15. Can I use my electronic benefits transfer (EBT) card in another state?
    EBT cards can be used in all States including the District of Columbia, Guam, and the U.S. Virgin Islands. EBT cards cannot be used in Puerto Rico because Puerto Rico is operating under a block grant instead of the Federal Supplemental Nutrition Assistant Program.
  16. When will my SNAP benefits be available on my EBT card?
    If you have just been certified to receive SNAP benefits, your benefits should be in your EBT account within 30 days from the date you filed your application. If you qualified for expedited benefits because your income was very low, your benefits should be in the account within 7 days from the date you filed the application. You will need to contact your caseworker to find out the exact day your benefits will be available.Once you are certified and have received your first allotment, SNAP benefits will be made available to you on a monthly basis. You can learn when your monthly SNAP benefits become available atSNAP Monthly Benefit Issuance Schedule. Your state may also provide this information through its toll-free customer service number.
  17. Can I use EBT for online SNAP purchases?
    No. There are technical reasons why SNAP EBT cards cannot be accepted online at this time. EBT cards work like debit cards and the Personal Identification number (PIN) is the equivalent of an electronic signature; it guarantees that the person using the card is authorized to use it. Therefore, the PIN must be kept secret. When the PIN is entered online as part of a debit transaction, it is possible for others to read the PIN and use it to steal benefits. For this reason, online services are not currently willing to accept PIN-based transactions. The Internet is always evolving. In the future, there may be sufficient safeguards to allow secure PIN entry online, but that's not true today.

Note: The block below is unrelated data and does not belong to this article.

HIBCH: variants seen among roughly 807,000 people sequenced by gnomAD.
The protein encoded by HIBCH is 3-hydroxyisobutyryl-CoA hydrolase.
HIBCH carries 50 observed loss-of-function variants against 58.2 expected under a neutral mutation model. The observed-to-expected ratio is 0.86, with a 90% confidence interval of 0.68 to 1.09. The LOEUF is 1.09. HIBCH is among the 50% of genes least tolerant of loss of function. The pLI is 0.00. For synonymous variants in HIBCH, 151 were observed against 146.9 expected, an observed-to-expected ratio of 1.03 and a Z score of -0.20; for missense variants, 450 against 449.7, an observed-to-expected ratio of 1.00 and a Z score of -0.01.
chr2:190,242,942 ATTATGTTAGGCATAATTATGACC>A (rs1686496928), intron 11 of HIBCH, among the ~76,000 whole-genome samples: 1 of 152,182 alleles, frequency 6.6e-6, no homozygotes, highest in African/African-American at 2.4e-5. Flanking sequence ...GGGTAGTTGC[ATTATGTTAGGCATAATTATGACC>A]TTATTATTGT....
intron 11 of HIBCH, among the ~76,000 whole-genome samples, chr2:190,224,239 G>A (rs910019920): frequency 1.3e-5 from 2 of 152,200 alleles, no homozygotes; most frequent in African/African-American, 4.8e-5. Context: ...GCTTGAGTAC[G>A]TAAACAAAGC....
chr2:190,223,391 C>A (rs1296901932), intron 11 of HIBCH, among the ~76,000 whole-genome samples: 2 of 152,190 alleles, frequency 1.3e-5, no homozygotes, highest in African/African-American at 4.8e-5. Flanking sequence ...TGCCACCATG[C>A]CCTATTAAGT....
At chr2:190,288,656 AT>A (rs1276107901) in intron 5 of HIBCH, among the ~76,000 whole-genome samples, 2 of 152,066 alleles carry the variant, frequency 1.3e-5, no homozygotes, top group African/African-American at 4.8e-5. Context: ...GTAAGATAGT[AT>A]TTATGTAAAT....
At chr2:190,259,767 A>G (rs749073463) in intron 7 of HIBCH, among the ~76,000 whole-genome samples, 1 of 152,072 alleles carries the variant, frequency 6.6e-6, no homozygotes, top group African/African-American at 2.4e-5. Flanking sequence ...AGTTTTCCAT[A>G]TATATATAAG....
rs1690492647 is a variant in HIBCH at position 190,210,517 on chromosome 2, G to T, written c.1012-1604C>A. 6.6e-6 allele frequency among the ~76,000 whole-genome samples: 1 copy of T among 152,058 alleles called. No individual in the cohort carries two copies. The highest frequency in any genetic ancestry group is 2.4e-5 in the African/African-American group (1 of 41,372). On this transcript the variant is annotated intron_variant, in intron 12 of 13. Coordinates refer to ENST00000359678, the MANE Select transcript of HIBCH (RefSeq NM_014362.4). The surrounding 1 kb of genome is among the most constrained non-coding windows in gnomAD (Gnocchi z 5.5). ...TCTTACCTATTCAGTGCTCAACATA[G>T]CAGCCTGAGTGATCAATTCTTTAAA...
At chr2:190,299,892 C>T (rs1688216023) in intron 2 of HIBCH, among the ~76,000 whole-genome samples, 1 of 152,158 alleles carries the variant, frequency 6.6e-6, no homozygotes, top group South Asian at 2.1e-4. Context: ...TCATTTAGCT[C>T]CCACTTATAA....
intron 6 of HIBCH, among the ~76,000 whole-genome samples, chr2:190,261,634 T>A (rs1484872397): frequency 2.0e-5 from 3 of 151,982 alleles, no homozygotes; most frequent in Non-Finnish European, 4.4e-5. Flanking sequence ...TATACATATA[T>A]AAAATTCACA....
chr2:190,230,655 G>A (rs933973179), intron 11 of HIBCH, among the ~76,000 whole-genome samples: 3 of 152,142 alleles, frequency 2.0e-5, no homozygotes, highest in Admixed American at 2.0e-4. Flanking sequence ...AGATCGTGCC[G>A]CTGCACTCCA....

18. Can I have food delivered to my home?
    Some stores have delivery capabilities. SNAP clients will need to contact the individual store to see if they will deliver and whether they have a means for collecting SNAP EBT benefits when the delivery is made. Stores may use a manual voucher system. A manual voucher can be completed and approved at the store, and then signed by the SNAP client when the food is delivered. Some retailers may also have wireless terminals which they can bring with them to the client's home delivery site.
  19. Can I check the balance of my EBT SNAP account online?
    At this time, the following States have online access to individual EBT account information, such as balance and transaction history information. You will need your EBT card number and PIN to access your account information online.
  20. I have paper coupons. Can I still use them to buy food?
    No, paper coupons may no longer be redeemed at stores after June 17, 2009. You can only use your EBT card to buy eligible food at stores authorized by the Food and Nutrition Service.
  21. Do I have to use all my SNAP benefits up in the month that I receive them, or will they be carried over into the next month?
    Any benefits that you have remaining in your SNAP EBT account at the end of the month WILL be carried over into the next month. However, if you have not used your EBT card at all for one year, the State will permanently remove your SNAP benefits from your EBT account.
  22. What keeps unqualified people from getting SNAP benefits?
    As part of the commitment to program integrity, USDA works closely with the States to ensure that they issue their benefits correctly. State workers carefully evaluate each application to determine eligibility and the appropriate level of benefits. USDA monitors the accuracy of eligibility and benefit determinations. States that fail to meet standards for issuing their SNAP benefits correctly can be sanctioned by USDA, and those that exceed the standard for payment accuracy can be eligible for additional funding support. People who receive SNAP benefits in error must repay any benefits for which they did not qualify.
  23. When did the program begin?